With a digital mammography system, such as illustrated in FIG. 1, and now under development, contrast is a parameter to be chosen and varied at the point of image display/visualization, not an integral attribute of the entire system. In effect, one is free to perform image processing with a computer rather than by compromising system design. Implicit in this approach is that the appropriate measure of system performance is the dose required to reliably detect a specified flaw and that one will choose to terminate the exposure when sufficient photons have been counted to achieve reliable detection. With a perfect photon-counting detector, reliable detection is not a monatomic function of contrast. Quantum noise can limit detection even though contrast is very high and even very low contrast objects will be imaged if noise is sufficiently low. The situation is profoundly different with a conventional screen-film system since the exposure must continue until a target film density is achieved. For mm-sized flaws with a low x-ray contrast (such as masses) this assures that quantum noise is low (photon counts in a large area are high) and that contrast limits detection. Restating very simply; contrast is the most important measure of spectral performance for screen-film mammography. With a digital system contrast is not useful as a measure of spectral performance. Contrast can be numerically amplified as desired if noise is sufficiently low. Detection of a flaw is achieved when it stands out sufficiently from the noise.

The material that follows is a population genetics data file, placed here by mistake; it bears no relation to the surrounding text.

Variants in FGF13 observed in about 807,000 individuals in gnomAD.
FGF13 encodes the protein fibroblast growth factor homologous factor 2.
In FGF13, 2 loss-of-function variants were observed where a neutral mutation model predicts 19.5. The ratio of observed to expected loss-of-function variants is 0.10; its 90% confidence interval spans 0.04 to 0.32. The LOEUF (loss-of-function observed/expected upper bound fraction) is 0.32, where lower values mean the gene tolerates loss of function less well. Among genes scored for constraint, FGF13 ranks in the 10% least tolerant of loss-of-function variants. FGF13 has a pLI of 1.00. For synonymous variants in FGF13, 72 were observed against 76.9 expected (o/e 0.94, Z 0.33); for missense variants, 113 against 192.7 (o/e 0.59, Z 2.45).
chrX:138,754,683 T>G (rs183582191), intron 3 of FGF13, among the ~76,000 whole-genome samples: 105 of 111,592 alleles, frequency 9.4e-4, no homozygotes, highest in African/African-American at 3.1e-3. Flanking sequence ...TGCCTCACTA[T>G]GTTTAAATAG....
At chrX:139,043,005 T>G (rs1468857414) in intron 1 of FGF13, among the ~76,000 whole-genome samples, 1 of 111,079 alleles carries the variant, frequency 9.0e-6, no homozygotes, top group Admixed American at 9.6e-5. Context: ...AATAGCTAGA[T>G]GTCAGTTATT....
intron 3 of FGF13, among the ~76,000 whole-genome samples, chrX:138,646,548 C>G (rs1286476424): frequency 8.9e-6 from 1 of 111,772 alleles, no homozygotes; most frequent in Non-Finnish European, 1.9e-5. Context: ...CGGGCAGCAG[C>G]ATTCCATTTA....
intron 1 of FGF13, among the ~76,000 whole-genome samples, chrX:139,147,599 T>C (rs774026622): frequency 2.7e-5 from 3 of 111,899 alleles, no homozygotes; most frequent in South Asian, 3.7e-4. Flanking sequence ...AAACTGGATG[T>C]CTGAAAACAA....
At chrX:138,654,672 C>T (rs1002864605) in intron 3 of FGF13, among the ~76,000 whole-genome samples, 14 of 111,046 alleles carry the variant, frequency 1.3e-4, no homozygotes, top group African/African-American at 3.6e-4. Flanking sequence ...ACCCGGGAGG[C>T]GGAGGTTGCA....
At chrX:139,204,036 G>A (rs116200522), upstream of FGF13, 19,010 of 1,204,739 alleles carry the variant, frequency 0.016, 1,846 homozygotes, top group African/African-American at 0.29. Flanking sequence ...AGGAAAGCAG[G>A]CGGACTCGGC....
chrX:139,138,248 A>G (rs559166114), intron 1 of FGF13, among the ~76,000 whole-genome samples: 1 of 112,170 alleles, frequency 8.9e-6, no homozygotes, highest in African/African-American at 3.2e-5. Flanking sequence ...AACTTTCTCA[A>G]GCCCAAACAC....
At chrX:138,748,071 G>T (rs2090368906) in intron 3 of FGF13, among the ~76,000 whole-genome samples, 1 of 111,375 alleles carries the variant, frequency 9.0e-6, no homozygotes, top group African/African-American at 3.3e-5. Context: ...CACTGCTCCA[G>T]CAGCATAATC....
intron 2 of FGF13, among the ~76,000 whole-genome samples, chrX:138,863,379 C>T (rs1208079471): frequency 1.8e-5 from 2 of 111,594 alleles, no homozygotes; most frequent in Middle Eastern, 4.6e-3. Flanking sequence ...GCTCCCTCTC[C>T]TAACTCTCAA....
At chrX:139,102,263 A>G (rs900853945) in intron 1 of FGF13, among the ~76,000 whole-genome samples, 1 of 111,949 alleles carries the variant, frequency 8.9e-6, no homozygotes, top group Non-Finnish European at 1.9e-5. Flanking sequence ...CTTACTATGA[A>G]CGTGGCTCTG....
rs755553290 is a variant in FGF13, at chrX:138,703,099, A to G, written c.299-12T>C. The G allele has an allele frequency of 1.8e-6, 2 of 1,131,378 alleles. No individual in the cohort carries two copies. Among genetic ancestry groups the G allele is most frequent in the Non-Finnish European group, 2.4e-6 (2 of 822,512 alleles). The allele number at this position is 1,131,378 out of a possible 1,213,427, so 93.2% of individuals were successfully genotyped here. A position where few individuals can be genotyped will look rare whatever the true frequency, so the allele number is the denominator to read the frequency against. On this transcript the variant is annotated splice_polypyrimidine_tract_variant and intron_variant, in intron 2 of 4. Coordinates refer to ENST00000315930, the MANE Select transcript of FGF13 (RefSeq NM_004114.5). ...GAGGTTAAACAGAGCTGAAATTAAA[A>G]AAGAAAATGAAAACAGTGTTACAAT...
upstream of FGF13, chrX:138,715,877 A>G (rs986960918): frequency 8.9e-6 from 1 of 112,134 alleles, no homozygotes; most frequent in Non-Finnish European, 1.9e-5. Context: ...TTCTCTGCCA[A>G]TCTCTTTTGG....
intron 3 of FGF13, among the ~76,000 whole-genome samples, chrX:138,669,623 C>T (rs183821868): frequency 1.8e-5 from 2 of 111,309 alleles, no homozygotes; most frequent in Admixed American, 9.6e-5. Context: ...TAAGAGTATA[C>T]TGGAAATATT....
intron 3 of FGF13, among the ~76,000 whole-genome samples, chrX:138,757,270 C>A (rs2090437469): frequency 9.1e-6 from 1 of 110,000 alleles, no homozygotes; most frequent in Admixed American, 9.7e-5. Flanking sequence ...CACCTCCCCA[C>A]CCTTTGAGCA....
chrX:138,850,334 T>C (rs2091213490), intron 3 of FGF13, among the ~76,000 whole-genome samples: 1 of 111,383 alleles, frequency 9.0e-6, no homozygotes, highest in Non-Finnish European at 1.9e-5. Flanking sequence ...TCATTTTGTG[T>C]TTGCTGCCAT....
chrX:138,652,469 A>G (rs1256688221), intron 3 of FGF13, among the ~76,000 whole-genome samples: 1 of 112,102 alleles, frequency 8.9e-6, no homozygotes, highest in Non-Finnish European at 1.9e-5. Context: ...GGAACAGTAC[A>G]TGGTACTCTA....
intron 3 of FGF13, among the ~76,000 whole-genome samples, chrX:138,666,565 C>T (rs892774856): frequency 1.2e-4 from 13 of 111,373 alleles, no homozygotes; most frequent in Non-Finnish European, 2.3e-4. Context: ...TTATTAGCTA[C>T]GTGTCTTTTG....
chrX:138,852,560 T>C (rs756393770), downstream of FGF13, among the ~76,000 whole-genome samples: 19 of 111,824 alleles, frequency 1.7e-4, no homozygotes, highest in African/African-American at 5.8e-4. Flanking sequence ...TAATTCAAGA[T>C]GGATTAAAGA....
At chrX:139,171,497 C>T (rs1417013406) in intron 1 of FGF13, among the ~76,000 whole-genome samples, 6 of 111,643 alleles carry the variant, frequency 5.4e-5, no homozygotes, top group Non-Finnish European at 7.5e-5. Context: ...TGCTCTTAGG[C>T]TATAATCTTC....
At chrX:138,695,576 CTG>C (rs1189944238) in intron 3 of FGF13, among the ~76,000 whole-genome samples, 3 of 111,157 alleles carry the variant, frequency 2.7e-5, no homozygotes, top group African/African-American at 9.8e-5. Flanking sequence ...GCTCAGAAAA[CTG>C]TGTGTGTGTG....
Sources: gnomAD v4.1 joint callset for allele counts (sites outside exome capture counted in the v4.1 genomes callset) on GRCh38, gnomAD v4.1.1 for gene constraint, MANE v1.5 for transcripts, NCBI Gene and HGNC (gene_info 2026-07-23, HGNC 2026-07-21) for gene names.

The above-referenced digital mammography system, illustrated in FIG. 1 and which incorporates an x-ray generator made in accordance with the present invention, is described in greater detail in UCRL-52000-92-10.11.12, Energy and Technology Review, October, November, December 1992, pp. 27-36, published February 1993, by the University of California, Lawrence Livermore National Laboratory.